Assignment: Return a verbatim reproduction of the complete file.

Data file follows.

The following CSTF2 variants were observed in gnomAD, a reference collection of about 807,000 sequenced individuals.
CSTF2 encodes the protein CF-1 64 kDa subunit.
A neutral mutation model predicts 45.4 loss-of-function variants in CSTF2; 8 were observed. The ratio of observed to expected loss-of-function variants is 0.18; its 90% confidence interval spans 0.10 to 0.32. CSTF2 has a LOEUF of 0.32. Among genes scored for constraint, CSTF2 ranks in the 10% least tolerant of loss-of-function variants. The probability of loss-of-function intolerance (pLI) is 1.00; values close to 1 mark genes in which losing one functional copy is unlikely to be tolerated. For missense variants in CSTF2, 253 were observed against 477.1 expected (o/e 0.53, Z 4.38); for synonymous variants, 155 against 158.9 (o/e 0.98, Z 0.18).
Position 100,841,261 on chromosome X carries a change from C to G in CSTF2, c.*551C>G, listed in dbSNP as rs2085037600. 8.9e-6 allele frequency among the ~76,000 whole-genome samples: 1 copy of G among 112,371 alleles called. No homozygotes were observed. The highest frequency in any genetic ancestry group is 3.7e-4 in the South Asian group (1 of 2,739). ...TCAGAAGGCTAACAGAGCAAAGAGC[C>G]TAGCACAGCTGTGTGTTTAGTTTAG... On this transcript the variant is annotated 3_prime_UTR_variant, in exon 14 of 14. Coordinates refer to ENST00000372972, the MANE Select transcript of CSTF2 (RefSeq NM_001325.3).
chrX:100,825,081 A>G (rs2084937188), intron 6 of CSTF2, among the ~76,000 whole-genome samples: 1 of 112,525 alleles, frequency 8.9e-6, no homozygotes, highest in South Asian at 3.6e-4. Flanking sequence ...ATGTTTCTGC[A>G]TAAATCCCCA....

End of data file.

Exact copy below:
The following CSTF2 variants were observed in gnomAD, a reference collection of about 807,000 sequenced individuals.
CSTF2 encodes the protein CF-1 64 kDa subunit.
A neutral mutation model predicts 45.4 loss-of-function variants in CSTF2; 8 were observed. The ratio of observed to expected loss-of-function variants is 0.18; its 90% confidence interval spans 0.10 to 0.32. CSTF2 has a LOEUF of 0.32. Among genes scored for constraint, CSTF2 ranks in the 10% least tolerant of loss-of-function variants. The probability of loss-of-function intolerance (pLI) is 1.00; values close to 1 mark genes in which losing one functional copy is unlikely to be tolerated. For missense variants in CSTF2, 253 were observed against 477.1 expected (o/e 0.53, Z 4.38); for synonymous variants, 155 against 158.9 (o/e 0.98, Z 0.18).
Position 100,841,261 on chromosome X carries a change from C to G in CSTF2, c.*551C>G, listed in dbSNP as rs2085037600. 8.9e-6 allele frequency among the ~76,000 whole-genome samples: 1 copy of G among 112,371 alleles called. No homozygotes were observed. The highest frequency in any genetic ancestry group is 3.7e-4 in the South Asian group (1 of 2,739). ...TCAGAAGGCTAACAGAGCAAAGAGC[C>G]TAGCACAGCTGTGTGTTTAGTTTAG... On this transcript the variant is annotated 3_prime_UTR_variant, in exon 14 of 14. Coordinates refer to ENST00000372972, the MANE Select transcript of CSTF2 (RefSeq NM_001325.3).
chrX:100,825,081 A>G (rs2084937188), intron 6 of CSTF2, among the ~76,000 whole-genome samples: 1 of 112,525 alleles, frequency 8.9e-6, no homozygotes, highest in South Asian at 3.6e-4. Flanking sequence ...ATGTTTCTGC[A>G]TAAATCCCCA....